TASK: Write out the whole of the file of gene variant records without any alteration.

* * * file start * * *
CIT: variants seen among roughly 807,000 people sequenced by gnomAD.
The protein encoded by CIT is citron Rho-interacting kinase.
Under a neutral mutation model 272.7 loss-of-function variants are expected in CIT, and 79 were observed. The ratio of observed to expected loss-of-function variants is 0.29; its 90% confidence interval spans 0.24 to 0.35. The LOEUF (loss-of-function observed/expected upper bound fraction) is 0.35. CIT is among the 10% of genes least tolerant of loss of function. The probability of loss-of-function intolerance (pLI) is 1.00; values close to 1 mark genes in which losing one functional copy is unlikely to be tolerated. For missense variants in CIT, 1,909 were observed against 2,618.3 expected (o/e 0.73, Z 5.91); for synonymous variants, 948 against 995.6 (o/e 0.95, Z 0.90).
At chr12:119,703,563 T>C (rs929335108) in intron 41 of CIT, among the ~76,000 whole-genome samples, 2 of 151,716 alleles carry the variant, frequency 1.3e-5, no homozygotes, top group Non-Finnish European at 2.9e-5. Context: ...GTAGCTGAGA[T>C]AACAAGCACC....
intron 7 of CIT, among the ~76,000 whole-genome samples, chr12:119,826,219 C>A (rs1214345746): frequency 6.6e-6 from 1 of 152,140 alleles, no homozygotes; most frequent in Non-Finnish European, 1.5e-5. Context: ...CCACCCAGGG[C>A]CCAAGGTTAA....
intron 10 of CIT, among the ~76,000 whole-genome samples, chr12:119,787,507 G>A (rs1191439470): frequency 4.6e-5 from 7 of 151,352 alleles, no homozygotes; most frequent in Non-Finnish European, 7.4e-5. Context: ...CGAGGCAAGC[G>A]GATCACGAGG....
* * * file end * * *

CIT: variants seen among roughly 807,000 people sequenced by gnomAD.
The protein encoded by CIT is citron Rho-interacting kinase.
Under a neutral mutation model 272.7 loss-of-function variants are expected in CIT, and 79 were observed. The ratio of observed to expected loss-of-function variants is 0.29; its 90% confidence interval spans 0.24 to 0.35. The LOEUF (loss-of-function observed/expected upper bound fraction) is 0.35. CIT is among the 10% of genes least tolerant of loss of function. The probability of loss-of-function intolerance (pLI) is 1.00; values close to 1 mark genes in which losing one functional copy is unlikely to be tolerated. For missense variants in CIT, 1,909 were observed against 2,618.3 expected (o/e 0.73, Z 5.91); for synonymous variants, 948 against 995.6 (o/e 0.95, Z 0.90).
At chr12:119,703,563 T>C (rs929335108) in intron 41 of CIT, among the ~76,000 whole-genome samples, 2 of 151,716 alleles carry the variant, frequency 1.3e-5, no homozygotes, top group Non-Finnish European at 2.9e-5. Context: ...GTAGCTGAGA[T>C]AACAAGCACC....
intron 7 of CIT, among the ~76,000 whole-genome samples, chr12:119,826,219 C>A (rs1214345746): frequency 6.6e-6 from 1 of 152,140 alleles, no homozygotes; most frequent in Non-Finnish European, 1.5e-5. Context: ...CCACCCAGGG[C>A]CCAAGGTTAA....
intron 10 of CIT, among the ~76,000 whole-genome samples, chr12:119,787,507 G>A (rs1191439470): frequency 4.6e-5 from 7 of 151,352 alleles, no homozygotes; most frequent in Non-Finnish European, 7.4e-5. Context: ...CGAGGCAAGC[G>A]GATCACGAGG....